BOOKS FOR TEACHERS, ADMINISTRATORS, AND POLICYMAKERS IN HIGHER EDUCATION
Stylus Publishing, LLC
Founded in 1996, Stylus’ publishing focuses on higher education, covering such areas as teaching and learning, student affairs, professional development, service learning and community engagement, study abroad, assessment, online learning, racial diversity on campus, women’s issues, doctoral education, and leadership and administration. Stylus is the official distributor of the book programs of ACPA, Campus Compact, and the National Resource Center for the First-Year Experience and Students in Transition.
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26 Stories of Students, Administrators, and Faculty From Poor and Working-Class Backgrounds and Their Compelling Lessons for Higher Education Policy and Practice
"Straddling Class in the Academy is a must read for students and educators. Ardoin, martinez, and their contributors masterfully challenge the myth that class is invisible by sharing their lived experiences navigating class and classism in and outside of the academy. The intersectional nature of contributors’ narratives and Ardoin and martinez’s analysis highlights the powerful effects of classism and calls for action if we are to create more inclusive and socially just institutions."
Rosemary J. Perez, Assistant Professor, School of Education
A Practitioner's Guide to Systematic Diversity Transformation
“Congratulations to Chun and Evans for producing Conducting an Institutional Diversity Audit in Higher Education. They have provided a definitive roadmap for the academy to self-assess our progress towards the institutional inclusiveness that we strive to achieve. Higher Education will benefit from this book for institutional strategic planning around the diversity, equity, and inclusion space. A must read!”
Dennis A. Mitchell, Vice Provost for Faculty Advancement
Relationship, Power, and Mattering in Higher Education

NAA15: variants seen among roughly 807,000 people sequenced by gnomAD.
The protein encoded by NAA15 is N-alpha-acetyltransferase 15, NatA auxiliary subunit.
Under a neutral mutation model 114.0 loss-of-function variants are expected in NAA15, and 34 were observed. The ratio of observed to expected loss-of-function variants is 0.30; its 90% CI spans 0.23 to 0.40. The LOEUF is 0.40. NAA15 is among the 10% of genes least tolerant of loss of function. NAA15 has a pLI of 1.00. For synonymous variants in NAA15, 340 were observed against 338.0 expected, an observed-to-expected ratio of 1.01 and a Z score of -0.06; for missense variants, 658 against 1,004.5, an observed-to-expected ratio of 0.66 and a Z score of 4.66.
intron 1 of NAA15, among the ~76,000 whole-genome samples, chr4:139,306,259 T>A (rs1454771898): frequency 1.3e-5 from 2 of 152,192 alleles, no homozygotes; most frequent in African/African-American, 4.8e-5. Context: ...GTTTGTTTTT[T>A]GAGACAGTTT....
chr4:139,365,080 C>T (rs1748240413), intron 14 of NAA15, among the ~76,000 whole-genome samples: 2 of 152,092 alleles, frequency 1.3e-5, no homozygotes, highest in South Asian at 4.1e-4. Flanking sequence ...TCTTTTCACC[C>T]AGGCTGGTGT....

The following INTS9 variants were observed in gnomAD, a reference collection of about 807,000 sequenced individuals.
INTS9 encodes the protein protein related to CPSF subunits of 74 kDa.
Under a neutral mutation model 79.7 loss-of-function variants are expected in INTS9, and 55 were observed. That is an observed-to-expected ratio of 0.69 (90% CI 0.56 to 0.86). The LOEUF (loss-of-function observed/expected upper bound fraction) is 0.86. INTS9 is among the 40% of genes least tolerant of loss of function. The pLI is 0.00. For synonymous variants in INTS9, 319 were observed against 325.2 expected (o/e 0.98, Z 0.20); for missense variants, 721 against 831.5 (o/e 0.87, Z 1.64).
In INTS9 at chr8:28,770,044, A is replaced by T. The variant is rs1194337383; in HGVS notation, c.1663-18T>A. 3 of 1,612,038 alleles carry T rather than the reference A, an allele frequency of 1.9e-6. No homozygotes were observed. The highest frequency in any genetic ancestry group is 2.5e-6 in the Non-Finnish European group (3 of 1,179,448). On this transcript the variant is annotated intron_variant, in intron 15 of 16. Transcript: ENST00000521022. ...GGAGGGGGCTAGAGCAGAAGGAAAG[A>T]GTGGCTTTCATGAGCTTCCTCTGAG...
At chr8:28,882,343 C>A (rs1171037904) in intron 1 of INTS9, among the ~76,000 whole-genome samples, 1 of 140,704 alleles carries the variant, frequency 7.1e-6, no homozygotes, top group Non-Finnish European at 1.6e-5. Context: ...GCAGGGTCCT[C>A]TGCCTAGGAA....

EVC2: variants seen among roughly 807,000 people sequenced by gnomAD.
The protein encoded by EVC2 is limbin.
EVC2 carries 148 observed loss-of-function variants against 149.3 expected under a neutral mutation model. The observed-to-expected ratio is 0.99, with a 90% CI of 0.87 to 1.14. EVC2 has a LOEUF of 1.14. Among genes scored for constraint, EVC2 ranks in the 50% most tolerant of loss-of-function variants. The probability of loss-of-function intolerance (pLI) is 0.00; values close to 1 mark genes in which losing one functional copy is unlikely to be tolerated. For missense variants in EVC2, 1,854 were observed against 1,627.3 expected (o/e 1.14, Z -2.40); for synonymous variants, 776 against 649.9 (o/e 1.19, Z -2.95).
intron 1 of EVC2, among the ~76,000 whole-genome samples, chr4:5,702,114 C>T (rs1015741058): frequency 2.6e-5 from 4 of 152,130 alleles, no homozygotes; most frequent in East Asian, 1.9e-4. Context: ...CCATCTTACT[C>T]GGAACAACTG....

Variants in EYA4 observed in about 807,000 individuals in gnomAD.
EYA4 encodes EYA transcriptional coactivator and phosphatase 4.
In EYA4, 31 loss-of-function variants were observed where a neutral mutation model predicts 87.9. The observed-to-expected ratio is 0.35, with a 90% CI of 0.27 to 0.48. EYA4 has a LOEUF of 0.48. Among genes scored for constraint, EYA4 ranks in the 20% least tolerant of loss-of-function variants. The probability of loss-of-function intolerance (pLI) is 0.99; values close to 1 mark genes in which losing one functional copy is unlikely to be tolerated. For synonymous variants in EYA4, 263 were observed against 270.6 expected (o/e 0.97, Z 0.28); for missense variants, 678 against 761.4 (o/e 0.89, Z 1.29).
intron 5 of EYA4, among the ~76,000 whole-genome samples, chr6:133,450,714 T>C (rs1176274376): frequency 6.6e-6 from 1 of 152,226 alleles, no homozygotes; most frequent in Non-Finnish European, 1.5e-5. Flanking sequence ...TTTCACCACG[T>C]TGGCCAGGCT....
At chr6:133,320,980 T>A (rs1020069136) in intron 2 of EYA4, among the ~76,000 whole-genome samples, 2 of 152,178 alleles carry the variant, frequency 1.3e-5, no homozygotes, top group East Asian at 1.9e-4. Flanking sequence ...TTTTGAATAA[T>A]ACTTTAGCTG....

"Every once in a great while a thinker comes along who upends traditional notions about how things get done. Harriet Schwartz takes on that role in her groundbreaking work Connected Teaching. And she does 'break ground': she lets us know from the outset that connected teaching is not about taking the path of least resistance, or being nice, or simply 'talking about' relationship. She also lets us know from the outset that she will be faithful to a fundamental tenet of relational-cultural practice: that a productive relationship is one which all participants have an opportunity to grow.
To that end, Schwartz removes teaching from the traditional hierarchical models of practice and situates in firmly in the more amorphous territory of non-dualism. Throughout this work, she remains true to her basic premise and promise: that teaching is relational stance grounded in both power and vulnerability. While she does not abdicate any of the roles and responsibilities that accrue to her experience and expertise, she allows herself to grow, stretch, and learn in the presence of her students. She offers concrete guidance for navigating collapsing contexts and other challenges wrought by the fast-paced innovations in technology. For example, how does one connect with students who grow up suspicious of any idea that can’t be corroborated on Google or who have expectations of 24/7 availability? Likewise, she does not shy away from the tough topics, lived narratives by students and teachers alike whose experience of conflicting social identities and intersectionality can send any carefully crafted teaching plan spiraling off course.
Schwartz is very comfortable in the land of paradox and non-duality. Much as she does in her work with her students, she comes to us as an 'authoritative ally', imparting her wisdom through bold ideas, grace, humor, and searing questions. In doing so, she charts pathways toward a new relational paradigm, one in which teaching is truly a practice of co-creating a 'we'."
Maureen Walker, Senior Scholar and Director of Program Development
Critical Perspectives and Approaches to Integration with Student Learning and Development
"This important new book offers a timely extension of Brewer and Ogden's many years of critical study into the tensions between the acclaimed value of international education on the one hand, and its complex integration into the arc of the undergraduate experience, on the other. But it also goes well beyond that to address the integration of mobility experiences in broad sectors of the U.S. higher education landscape, including community college, lifelong learning, and the transition to employment. This edited volume, which includes some of the most influential scholars and practitioners working today, is a critical milestone that helps to further establish the emerging scholarship of international education and deflect criticism that there remains a missing link between the use of theory and its impact on practice."
Bernhard T. Streitwieser, Assistant Professor of International Education & International Affairs